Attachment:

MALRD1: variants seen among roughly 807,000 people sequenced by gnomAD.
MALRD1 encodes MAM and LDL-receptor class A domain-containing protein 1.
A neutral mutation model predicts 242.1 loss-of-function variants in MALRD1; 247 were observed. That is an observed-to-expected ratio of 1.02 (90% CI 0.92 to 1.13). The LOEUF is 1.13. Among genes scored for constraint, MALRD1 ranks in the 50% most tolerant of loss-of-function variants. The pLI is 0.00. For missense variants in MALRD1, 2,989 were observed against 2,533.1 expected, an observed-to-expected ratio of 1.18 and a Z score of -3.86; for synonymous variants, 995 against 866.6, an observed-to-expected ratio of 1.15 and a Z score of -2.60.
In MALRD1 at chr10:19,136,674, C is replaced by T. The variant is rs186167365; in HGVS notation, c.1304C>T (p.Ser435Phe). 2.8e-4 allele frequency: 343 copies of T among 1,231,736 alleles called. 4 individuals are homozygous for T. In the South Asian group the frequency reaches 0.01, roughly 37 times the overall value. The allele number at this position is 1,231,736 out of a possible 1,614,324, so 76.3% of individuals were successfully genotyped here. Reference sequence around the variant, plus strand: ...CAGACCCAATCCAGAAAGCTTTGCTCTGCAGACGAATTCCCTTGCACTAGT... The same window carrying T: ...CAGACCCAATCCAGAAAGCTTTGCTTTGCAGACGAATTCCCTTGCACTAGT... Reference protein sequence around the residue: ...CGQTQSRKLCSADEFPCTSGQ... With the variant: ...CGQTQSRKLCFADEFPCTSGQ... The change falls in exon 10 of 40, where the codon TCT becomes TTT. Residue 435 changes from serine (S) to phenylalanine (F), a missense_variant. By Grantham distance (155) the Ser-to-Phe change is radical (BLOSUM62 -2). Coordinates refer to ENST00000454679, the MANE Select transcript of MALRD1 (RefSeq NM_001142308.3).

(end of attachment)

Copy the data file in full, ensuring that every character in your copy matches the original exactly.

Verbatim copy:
MALRD1: variants seen among roughly 807,000 people sequenced by gnomAD.
MALRD1 encodes MAM and LDL-receptor class A domain-containing protein 1.
A neutral mutation model predicts 242.1 loss-of-function variants in MALRD1; 247 were observed. That is an observed-to-expected ratio of 1.02 (90% CI 0.92 to 1.13). The LOEUF is 1.13. Among genes scored for constraint, MALRD1 ranks in the 50% most tolerant of loss-of-function variants. The pLI is 0.00. For missense variants in MALRD1, 2,989 were observed against 2,533.1 expected, an observed-to-expected ratio of 1.18 and a Z score of -3.86; for synonymous variants, 995 against 866.6, an observed-to-expected ratio of 1.15 and a Z score of -2.60.
In MALRD1 at chr10:19,136,674, C is replaced by T. The variant is rs186167365; in HGVS notation, c.1304C>T (p.Ser435Phe). 2.8e-4 allele frequency: 343 copies of T among 1,231,736 alleles called. 4 individuals are homozygous for T. In the South Asian group the frequency reaches 0.01, roughly 37 times the overall value. The allele number at this position is 1,231,736 out of a possible 1,614,324, so 76.3% of individuals were successfully genotyped here. Reference sequence around the variant, plus strand: ...CAGACCCAATCCAGAAAGCTTTGCTCTGCAGACGAATTCCCTTGCACTAGT... The same window carrying T: ...CAGACCCAATCCAGAAAGCTTTGCTTTGCAGACGAATTCCCTTGCACTAGT... Reference protein sequence around the residue: ...CGQTQSRKLCSADEFPCTSGQ... With the variant: ...CGQTQSRKLCFADEFPCTSGQ... The change falls in exon 10 of 40, where the codon TCT becomes TTT. Residue 435 changes from serine (S) to phenylalanine (F), a missense_variant. By Grantham distance (155) the Ser-to-Phe change is radical (BLOSUM62 -2). Coordinates refer to ENST00000454679, the MANE Select transcript of MALRD1 (RefSeq NM_001142308.3).